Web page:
A key question that came out of Covid related to US marine terminals is this: Under what circumstances can they charge for demurrage? Terminals argue that in the interests of preserving port fluidity especially during period of heavy volumes, they need wide latitude to charge demurrage for long-dwelling containers.
But the Federal Maritime Commission, which under its current makeup is much more sympathetic to shippers’ concerns than it used to be, is responding to shippers’ complaints of what they believe to be unfair demurrage billing. In a case between Evergreen and the drayage provider TCW, FMC commissioners ruled that terminals could not charge demurrage on days when terminal gates are closed, even when parties were notified of closure dates well in advance; Evergreen is appealing.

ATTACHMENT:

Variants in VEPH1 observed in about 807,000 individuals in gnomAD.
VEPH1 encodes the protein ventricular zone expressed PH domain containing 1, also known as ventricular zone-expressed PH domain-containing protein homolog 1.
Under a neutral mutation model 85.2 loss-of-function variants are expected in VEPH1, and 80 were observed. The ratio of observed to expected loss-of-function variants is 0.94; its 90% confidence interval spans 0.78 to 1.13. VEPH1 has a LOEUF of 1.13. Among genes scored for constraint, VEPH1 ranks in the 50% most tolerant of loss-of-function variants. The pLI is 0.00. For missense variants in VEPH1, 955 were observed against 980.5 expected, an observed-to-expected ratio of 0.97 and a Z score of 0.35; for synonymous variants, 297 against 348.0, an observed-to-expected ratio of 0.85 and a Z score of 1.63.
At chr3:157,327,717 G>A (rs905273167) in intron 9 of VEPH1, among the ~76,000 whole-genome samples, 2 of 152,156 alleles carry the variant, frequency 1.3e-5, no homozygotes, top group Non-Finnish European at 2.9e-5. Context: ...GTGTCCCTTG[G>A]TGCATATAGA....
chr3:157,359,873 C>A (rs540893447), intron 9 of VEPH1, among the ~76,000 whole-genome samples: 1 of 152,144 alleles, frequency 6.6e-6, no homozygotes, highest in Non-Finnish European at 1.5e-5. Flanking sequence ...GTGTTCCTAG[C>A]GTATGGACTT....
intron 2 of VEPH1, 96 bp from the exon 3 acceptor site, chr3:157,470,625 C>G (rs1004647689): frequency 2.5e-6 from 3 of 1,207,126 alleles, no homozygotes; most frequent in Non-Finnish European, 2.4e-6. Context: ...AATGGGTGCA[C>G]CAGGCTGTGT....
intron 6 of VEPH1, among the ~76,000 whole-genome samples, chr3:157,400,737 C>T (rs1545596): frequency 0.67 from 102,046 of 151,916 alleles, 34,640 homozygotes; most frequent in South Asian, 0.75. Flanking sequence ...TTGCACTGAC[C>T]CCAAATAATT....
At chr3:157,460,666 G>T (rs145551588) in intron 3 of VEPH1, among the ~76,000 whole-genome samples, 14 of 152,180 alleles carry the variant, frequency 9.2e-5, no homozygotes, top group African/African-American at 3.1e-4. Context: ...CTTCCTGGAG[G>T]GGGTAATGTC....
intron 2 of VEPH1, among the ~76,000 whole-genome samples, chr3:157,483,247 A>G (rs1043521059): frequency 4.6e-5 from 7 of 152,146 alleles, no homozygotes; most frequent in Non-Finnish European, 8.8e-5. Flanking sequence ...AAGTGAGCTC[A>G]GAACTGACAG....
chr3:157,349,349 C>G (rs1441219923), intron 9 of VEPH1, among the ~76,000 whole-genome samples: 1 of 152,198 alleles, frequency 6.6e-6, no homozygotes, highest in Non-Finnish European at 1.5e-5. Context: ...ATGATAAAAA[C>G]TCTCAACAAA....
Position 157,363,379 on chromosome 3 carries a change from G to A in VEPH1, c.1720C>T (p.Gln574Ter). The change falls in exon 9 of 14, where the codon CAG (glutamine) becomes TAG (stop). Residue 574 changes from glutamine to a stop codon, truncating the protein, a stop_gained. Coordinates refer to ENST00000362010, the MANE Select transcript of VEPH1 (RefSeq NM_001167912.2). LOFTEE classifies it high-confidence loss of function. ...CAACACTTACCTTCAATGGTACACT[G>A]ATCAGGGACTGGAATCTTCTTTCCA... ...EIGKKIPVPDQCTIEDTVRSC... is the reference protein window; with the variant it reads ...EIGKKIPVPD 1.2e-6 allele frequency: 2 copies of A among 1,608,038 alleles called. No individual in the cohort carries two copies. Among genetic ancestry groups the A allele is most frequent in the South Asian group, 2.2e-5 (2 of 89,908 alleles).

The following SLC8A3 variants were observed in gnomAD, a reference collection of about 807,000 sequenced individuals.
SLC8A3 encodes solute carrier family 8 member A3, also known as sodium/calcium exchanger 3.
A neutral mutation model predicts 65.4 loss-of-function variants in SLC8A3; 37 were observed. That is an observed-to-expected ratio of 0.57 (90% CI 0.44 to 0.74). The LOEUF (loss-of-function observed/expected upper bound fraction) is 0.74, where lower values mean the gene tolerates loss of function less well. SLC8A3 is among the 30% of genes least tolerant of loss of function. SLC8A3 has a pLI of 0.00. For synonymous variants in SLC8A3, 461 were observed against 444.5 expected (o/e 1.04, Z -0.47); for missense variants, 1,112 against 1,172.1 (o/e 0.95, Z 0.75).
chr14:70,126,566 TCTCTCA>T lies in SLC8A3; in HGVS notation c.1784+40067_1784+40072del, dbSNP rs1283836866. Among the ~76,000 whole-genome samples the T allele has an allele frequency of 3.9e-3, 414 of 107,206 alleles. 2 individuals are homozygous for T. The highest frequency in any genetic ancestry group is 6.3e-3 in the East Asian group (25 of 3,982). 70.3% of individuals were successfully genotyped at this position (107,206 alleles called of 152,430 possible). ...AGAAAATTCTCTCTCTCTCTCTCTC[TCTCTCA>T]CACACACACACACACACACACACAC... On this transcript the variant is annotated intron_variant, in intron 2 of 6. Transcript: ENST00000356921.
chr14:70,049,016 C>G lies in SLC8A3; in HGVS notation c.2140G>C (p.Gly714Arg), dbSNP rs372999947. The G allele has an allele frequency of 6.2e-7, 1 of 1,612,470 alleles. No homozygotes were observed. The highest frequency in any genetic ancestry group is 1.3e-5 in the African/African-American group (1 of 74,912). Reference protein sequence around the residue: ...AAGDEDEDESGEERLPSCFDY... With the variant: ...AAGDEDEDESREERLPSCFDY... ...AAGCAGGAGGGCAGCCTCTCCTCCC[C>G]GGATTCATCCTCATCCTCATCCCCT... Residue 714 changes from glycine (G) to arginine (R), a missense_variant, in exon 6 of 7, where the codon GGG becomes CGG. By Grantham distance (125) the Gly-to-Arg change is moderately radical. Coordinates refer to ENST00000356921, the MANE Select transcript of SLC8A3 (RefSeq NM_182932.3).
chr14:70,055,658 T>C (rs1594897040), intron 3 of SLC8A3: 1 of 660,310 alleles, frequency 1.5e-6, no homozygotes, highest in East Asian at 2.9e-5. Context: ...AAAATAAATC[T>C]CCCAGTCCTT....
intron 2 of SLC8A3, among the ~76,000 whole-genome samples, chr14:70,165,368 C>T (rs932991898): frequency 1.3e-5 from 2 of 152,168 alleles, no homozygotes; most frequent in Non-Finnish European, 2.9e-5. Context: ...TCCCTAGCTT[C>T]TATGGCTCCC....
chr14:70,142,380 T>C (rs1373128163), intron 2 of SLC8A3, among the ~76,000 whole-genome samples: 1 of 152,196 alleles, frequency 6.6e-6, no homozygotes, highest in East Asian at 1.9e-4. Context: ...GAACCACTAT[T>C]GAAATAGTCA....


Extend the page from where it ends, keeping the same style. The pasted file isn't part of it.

Shippers have long experience of opaque, late and inaccurate billing, and struggles to get the disputes resolved. They have been agitating for years for reform to detention and demurrage and indeed it was that issue that united importers and exporters behind passage of the Ocean Shipping Reform Act of 2022.
But it is important to note that also included in OSRA22 was legislative embrace of the FMC’s incentive principle, under which D&D billing practices need to be supportive of an overall goal of keeping cargo flowing.
That led two members of Congress to demand that the FMC back off from imposing D&D restrictions on marine terminals, saying “we cannot allow counterproductive government regulation to threaten the stability we have restored at American ports.”
At TPM24 we will explore how shippers can practically navigate a changing D&D landscape.